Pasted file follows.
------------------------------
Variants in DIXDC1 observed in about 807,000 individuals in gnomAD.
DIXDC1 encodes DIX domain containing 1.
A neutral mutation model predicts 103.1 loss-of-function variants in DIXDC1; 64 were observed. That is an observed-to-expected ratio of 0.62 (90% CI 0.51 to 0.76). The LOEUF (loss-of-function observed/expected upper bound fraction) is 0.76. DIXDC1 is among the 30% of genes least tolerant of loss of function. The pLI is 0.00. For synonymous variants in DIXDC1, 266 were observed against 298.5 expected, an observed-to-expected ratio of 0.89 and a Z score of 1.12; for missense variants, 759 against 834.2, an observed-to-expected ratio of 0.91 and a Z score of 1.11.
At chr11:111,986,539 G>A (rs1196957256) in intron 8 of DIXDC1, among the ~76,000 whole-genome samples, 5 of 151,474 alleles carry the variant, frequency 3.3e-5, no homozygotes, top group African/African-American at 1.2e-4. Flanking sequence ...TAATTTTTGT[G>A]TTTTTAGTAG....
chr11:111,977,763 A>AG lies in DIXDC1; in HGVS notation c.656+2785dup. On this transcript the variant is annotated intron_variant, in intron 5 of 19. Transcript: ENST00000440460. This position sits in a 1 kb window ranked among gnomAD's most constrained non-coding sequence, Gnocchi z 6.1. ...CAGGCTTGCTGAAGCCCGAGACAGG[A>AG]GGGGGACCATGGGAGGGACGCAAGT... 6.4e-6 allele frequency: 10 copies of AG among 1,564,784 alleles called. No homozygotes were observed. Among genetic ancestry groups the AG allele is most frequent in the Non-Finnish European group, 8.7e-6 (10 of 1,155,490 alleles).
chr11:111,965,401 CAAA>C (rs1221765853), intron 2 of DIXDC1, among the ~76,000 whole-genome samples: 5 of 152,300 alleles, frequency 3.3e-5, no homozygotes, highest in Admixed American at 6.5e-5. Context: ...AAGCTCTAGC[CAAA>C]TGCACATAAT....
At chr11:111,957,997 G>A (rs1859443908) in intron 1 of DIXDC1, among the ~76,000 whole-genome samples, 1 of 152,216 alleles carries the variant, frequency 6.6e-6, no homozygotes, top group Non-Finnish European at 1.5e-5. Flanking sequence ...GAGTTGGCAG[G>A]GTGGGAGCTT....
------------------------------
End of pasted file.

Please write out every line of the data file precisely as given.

Variants in DIXDC1 observed in about 807,000 individuals in gnomAD.
DIXDC1 encodes DIX domain containing 1.
A neutral mutation model predicts 103.1 loss-of-function variants in DIXDC1; 64 were observed. That is an observed-to-expected ratio of 0.62 (90% CI 0.51 to 0.76). The LOEUF (loss-of-function observed/expected upper bound fraction) is 0.76. DIXDC1 is among the 30% of genes least tolerant of loss of function. The pLI is 0.00. For synonymous variants in DIXDC1, 266 were observed against 298.5 expected, an observed-to-expected ratio of 0.89 and a Z score of 1.12; for missense variants, 759 against 834.2, an observed-to-expected ratio of 0.91 and a Z score of 1.11.
At chr11:111,986,539 G>A (rs1196957256) in intron 8 of DIXDC1, among the ~76,000 whole-genome samples, 5 of 151,474 alleles carry the variant, frequency 3.3e-5, no homozygotes, top group African/African-American at 1.2e-4. Flanking sequence ...TAATTTTTGT[G>A]TTTTTAGTAG....
chr11:111,977,763 A>AG lies in DIXDC1; in HGVS notation c.656+2785dup. On this transcript the variant is annotated intron_variant, in intron 5 of 19. Transcript: ENST00000440460. This position sits in a 1 kb window ranked among gnomAD's most constrained non-coding sequence, Gnocchi z 6.1. ...CAGGCTTGCTGAAGCCCGAGACAGG[A>AG]GGGGGACCATGGGAGGGACGCAAGT... 6.4e-6 allele frequency: 10 copies of AG among 1,564,784 alleles called. No homozygotes were observed. Among genetic ancestry groups the AG allele is most frequent in the Non-Finnish European group, 8.7e-6 (10 of 1,155,490 alleles).
chr11:111,965,401 CAAA>C (rs1221765853), intron 2 of DIXDC1, among the ~76,000 whole-genome samples: 5 of 152,300 alleles, frequency 3.3e-5, no homozygotes, highest in Admixed American at 6.5e-5. Context: ...AAGCTCTAGC[CAAA>C]TGCACATAAT....
At chr11:111,957,997 G>A (rs1859443908) in intron 1 of DIXDC1, among the ~76,000 whole-genome samples, 1 of 152,216 alleles carries the variant, frequency 6.6e-6, no homozygotes, top group Non-Finnish European at 1.5e-5. Flanking sequence ...GAGTTGGCAG[G>A]GTGGGAGCTT....